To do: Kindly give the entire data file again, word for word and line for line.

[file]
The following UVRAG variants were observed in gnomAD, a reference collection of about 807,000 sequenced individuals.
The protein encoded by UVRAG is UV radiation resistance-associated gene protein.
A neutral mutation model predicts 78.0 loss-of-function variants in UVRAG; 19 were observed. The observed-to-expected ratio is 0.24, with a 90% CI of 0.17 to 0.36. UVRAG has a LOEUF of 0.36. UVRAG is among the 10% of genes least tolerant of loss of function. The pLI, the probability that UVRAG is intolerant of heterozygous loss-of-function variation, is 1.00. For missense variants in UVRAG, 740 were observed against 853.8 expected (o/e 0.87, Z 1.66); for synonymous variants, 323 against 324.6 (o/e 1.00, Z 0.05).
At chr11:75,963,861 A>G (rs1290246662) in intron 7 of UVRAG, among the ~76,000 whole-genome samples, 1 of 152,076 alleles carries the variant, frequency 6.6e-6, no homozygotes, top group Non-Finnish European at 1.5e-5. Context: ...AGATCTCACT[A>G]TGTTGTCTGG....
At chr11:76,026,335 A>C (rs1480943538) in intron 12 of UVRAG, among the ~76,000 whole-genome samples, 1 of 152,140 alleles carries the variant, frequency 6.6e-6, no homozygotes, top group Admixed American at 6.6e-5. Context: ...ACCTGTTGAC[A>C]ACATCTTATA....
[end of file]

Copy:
The following UVRAG variants were observed in gnomAD, a reference collection of about 807,000 sequenced individuals.
The protein encoded by UVRAG is UV radiation resistance-associated gene protein.
A neutral mutation model predicts 78.0 loss-of-function variants in UVRAG; 19 were observed. The observed-to-expected ratio is 0.24, with a 90% CI of 0.17 to 0.36. UVRAG has a LOEUF of 0.36. UVRAG is among the 10% of genes least tolerant of loss of function. The pLI, the probability that UVRAG is intolerant of heterozygous loss-of-function variation, is 1.00. For missense variants in UVRAG, 740 were observed against 853.8 expected (o/e 0.87, Z 1.66); for synonymous variants, 323 against 324.6 (o/e 1.00, Z 0.05).
At chr11:75,963,861 A>G (rs1290246662) in intron 7 of UVRAG, among the ~76,000 whole-genome samples, 1 of 152,076 alleles carries the variant, frequency 6.6e-6, no homozygotes, top group Non-Finnish European at 1.5e-5. Context: ...AGATCTCACT[A>G]TGTTGTCTGG....
At chr11:76,026,335 A>C (rs1480943538) in intron 12 of UVRAG, among the ~76,000 whole-genome samples, 1 of 152,140 alleles carries the variant, frequency 6.6e-6, no homozygotes, top group Admixed American at 6.6e-5. Context: ...ACCTGTTGAC[A>C]ACATCTTATA....